Last week, we discussed the End of Year report for 2017, prepared by the Ministry of Finance. The Report gave an updated position on the performance of the economy in 2017 following the presentation of the 2018 Estimates of Revenues and Expenditures last November. Our analysis of the report concluded that, while the macroeconomic fundamentals reflect a stable economy, the lack of a diversified economy as well as external shocks are stymieing efforts to achieve the desired level of growth. The actual GDP growth in 2017 was 2.1 percent, the lowest since 2008 where it was 2.0 percent.
A particular area of concern relates to the fiscal deficit. Over the last 25 years and possibly longer, almost every year, public expenditures have outstripped revenue collections. The following table shows the recorded fiscal deficit for each of the last four years as well as projections for 2018:
It is evident that an urgent need exists to narrow the gap between revenues and expenditures so that in the longer-term a balanced budget can be achieved, thereby eliminating borrowings to finance the expenditures on Government programmes and activities. At the end of 2016, the overdraft on the Consolidated Fund was $132.876 billion. When the projected fiscal deficits for 2017 and 2018 are taken into account, the overdraft at the end of 2018 is estimated at $189.046 billion!
Today’s article is based on another policy document to be found on the Ministry of Finance’s website. We refer to the Privatisation Policy Framework Paper (PPFP) that was prepared following the change of Administration in 1992. During the period 1989-1992, a total of 15 State-Owned Enterprises (SOEs) were either totally or partially privatised, including Guyana Telecommunications Corporation, Guyana Timbers Ltd, Demerara Woods Ltd, Livestock Development Co. Ltd, Guyana Fisheries Ltd, Guyana Rice Milling & Marketing Authority, and Guyana National Trading Corporation.
During the mid-1970s, Guyana’s economy began to deteriorate rapidly due mainly to the collapse of sugar prices in 1975 and the weakening demand for bauxite. Reduced export earnings led to a shortage of foreign exchange. As a result, Guyana began to experience difficulties in servicing its external debt which stood at 187% of total exports in 1980. By 1989, that figure rose to the astronomical figure of 668%. With the devaluation of the Guyana dollar in 1989, total debt exceeded 600% of GDP.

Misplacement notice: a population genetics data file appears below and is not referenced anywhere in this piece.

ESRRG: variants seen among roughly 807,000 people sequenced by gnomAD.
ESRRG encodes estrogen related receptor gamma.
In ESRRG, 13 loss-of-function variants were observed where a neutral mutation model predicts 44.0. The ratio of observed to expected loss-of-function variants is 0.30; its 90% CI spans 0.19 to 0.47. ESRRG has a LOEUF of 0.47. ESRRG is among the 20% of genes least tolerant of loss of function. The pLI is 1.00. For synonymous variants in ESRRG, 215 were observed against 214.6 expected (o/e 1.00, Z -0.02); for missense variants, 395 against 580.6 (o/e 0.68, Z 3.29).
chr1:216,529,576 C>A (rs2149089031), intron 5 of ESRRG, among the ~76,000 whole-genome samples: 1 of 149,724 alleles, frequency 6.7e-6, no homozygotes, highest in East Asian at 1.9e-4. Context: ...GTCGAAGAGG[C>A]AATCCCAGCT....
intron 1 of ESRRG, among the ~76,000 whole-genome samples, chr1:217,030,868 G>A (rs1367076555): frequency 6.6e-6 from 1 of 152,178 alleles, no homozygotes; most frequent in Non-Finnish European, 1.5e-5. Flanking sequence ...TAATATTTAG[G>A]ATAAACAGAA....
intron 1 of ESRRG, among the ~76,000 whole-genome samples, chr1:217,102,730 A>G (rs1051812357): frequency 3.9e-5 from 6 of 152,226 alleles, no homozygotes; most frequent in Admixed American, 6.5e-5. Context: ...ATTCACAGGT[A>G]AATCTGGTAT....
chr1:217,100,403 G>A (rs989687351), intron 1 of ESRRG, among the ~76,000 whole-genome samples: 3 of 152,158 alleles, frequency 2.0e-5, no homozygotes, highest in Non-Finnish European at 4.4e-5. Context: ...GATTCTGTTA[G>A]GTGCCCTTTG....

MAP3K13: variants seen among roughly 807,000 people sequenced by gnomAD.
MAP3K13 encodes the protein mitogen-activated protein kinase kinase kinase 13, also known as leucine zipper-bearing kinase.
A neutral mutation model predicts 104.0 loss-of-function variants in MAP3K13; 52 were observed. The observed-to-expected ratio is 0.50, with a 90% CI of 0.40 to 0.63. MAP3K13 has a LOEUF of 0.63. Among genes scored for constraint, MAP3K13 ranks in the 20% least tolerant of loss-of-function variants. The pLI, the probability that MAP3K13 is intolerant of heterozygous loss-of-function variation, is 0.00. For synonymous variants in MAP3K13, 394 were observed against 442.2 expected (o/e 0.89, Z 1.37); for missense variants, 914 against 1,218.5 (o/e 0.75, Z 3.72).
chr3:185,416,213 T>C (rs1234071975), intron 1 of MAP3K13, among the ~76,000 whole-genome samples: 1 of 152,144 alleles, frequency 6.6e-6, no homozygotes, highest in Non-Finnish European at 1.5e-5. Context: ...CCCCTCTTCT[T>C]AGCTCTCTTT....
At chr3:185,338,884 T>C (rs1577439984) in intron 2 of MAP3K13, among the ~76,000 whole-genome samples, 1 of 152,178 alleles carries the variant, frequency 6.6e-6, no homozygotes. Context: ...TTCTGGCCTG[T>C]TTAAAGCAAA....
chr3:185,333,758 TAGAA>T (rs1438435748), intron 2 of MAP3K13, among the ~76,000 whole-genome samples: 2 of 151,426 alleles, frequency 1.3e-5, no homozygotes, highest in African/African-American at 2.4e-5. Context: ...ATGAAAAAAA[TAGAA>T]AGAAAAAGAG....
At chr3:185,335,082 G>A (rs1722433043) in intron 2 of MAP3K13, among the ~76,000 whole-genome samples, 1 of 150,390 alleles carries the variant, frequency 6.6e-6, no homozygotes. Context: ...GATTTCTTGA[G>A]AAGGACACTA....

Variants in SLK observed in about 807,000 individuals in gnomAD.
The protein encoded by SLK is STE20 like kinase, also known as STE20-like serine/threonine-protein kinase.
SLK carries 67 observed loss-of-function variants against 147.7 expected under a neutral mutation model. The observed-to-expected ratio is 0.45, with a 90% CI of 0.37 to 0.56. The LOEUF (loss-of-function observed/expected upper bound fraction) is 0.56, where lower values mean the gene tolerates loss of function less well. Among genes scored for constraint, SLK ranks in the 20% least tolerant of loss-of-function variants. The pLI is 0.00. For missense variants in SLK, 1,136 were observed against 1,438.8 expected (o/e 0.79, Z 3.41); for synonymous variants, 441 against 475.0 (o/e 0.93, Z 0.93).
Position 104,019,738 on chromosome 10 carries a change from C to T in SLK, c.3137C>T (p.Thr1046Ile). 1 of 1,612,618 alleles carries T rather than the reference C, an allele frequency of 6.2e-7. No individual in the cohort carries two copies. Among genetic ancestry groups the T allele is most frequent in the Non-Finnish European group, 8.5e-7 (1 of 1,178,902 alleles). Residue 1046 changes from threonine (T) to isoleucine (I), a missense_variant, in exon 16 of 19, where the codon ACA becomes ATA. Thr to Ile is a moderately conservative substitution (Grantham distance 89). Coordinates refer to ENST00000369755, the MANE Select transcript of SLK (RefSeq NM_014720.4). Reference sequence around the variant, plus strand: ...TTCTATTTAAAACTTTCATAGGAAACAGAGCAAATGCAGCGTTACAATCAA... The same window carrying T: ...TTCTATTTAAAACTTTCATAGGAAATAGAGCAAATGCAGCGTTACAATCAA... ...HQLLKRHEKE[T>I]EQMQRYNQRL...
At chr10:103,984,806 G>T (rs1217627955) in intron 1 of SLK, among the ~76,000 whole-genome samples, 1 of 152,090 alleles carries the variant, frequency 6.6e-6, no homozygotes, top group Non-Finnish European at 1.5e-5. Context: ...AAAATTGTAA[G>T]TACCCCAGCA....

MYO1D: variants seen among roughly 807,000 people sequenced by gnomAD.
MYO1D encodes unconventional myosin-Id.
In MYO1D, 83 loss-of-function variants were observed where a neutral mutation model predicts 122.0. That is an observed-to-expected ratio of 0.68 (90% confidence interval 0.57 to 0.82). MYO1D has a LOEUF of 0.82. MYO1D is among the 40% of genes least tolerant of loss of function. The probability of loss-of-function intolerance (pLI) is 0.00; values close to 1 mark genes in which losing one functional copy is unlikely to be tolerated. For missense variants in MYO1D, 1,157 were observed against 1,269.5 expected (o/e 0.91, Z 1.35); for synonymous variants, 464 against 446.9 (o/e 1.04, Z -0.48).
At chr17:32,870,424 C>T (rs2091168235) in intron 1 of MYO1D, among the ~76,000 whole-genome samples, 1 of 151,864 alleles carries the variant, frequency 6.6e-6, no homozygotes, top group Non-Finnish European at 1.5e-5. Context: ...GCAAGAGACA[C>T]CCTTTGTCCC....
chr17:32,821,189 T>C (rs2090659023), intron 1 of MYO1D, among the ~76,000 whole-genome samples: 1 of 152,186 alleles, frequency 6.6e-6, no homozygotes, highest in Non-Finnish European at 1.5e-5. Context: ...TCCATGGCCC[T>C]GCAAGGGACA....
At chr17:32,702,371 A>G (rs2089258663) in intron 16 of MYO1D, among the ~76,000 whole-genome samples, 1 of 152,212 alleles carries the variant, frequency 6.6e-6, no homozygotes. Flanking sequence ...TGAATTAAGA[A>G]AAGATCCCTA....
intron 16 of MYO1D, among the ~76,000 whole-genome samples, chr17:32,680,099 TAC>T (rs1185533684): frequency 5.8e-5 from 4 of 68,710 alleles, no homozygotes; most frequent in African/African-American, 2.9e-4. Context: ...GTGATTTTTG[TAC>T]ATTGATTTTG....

By the mid-1980s, Guyana was unable to meet its debt servicing obligations and ceased making payments to most bilateral and multilateral lenders. As a result, the International Monetary Fund (IMF) declared Guyana ineligible for access to further credit from the Fund. Guyana became the first member country to have been denied such access. The country was therefore technically bankrupt. Real gross domestic product declined by an average of 2.8% during the period 1980-1988; output in 1986 was only 68% of 1976 levels; and inflation averaged 20% resulting in a widening of the public sector deficit. More significantly, Guyana’s per capita income in 1991 was only US$290, one of the lowest in the Southern Hemisphere and the lowest in the Western Hemisphere. Correspondingly, the value of the Guyana dollar depreciated dramatically from G$2.55 = US$1 in 1975 to G$10 = US$1 in 1988, then G$122 = US$1 at the end of 1991.
Following the death of President Burnham in 1985, it was left to the Hoyte Administration to initiate efforts aimed at reversing the economic decline. In mid-1986, the Government entered into negotiations with the World Bank and the IMF for a rescue package to overhaul the economy and to free it up to market forces. The formulation of the Economic Recovery Programme (ERP) was completed in 1988. This involved various austerity measures as well as the privatisation of loss-making SOEs in order to not only ease the financial burden on the Treasury but also to transfer them to the private sector. The latter was better placed to reverse the fortunes of these entities, thereby contributing to an improvement in the economic performance of the country.
Introduction to the Privatisation Paper
The PPFP was very critical of the pre-1992 Administration’s handling of the privatisation activities. It asserted that “[p]ublic opinion holds that transactions have been concluded too hastily, have failed to achieve optimal prices for state assets divested, did not consider participation of Guyanese in the process and did not secure preservation of national assets.” The Paper went on to state that Government’s interest in privatisation goes beyond budgetary concerns and that the aim is to increase efficiency and productivity of the SOEs involved through infusion of new investments, technology and efficient management. The PPFP further argued that sound privatisation policy is complementary to the Government’s desire to promote a vibrant private sector.
Statement of Policy